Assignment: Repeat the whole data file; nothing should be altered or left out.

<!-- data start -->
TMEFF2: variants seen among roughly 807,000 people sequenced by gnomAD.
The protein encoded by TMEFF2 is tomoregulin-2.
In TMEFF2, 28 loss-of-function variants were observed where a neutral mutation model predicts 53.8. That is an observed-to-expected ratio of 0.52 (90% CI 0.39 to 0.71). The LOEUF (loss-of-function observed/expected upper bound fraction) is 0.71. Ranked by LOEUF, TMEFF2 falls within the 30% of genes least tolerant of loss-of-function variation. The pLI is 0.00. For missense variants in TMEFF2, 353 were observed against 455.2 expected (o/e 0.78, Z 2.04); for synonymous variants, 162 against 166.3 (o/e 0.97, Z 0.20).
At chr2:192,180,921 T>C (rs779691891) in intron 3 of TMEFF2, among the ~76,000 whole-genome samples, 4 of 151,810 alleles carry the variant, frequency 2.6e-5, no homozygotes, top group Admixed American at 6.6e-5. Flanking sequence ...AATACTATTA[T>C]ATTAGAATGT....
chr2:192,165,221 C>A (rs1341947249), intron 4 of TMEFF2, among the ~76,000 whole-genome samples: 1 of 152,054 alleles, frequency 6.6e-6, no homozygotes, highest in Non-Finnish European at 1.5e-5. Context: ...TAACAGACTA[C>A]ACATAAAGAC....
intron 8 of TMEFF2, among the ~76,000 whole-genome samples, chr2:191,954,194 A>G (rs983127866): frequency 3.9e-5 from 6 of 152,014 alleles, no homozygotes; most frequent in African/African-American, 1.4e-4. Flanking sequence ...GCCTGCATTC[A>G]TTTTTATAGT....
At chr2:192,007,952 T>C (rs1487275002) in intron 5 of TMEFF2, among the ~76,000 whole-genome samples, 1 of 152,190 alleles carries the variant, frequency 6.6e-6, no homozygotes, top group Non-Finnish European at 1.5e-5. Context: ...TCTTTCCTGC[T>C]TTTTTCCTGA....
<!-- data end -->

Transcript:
TMEFF2: variants seen among roughly 807,000 people sequenced by gnomAD.
The protein encoded by TMEFF2 is tomoregulin-2.
In TMEFF2, 28 loss-of-function variants were observed where a neutral mutation model predicts 53.8. That is an observed-to-expected ratio of 0.52 (90% CI 0.39 to 0.71). The LOEUF (loss-of-function observed/expected upper bound fraction) is 0.71. Ranked by LOEUF, TMEFF2 falls within the 30% of genes least tolerant of loss-of-function variation. The pLI is 0.00. For missense variants in TMEFF2, 353 were observed against 455.2 expected (o/e 0.78, Z 2.04); for synonymous variants, 162 against 166.3 (o/e 0.97, Z 0.20).
At chr2:192,180,921 T>C (rs779691891) in intron 3 of TMEFF2, among the ~76,000 whole-genome samples, 4 of 151,810 alleles carry the variant, frequency 2.6e-5, no homozygotes, top group Admixed American at 6.6e-5. Flanking sequence ...AATACTATTA[T>C]ATTAGAATGT....
chr2:192,165,221 C>A (rs1341947249), intron 4 of TMEFF2, among the ~76,000 whole-genome samples: 1 of 152,054 alleles, frequency 6.6e-6, no homozygotes, highest in Non-Finnish European at 1.5e-5. Context: ...TAACAGACTA[C>A]ACATAAAGAC....
intron 8 of TMEFF2, among the ~76,000 whole-genome samples, chr2:191,954,194 A>G (rs983127866): frequency 3.9e-5 from 6 of 152,014 alleles, no homozygotes; most frequent in African/African-American, 1.4e-4. Flanking sequence ...GCCTGCATTC[A>G]TTTTTATAGT....
At chr2:192,007,952 T>C (rs1487275002) in intron 5 of TMEFF2, among the ~76,000 whole-genome samples, 1 of 152,190 alleles carries the variant, frequency 6.6e-6, no homozygotes, top group Non-Finnish European at 1.5e-5. Context: ...TCTTTCCTGC[T>C]TTTTTCCTGA....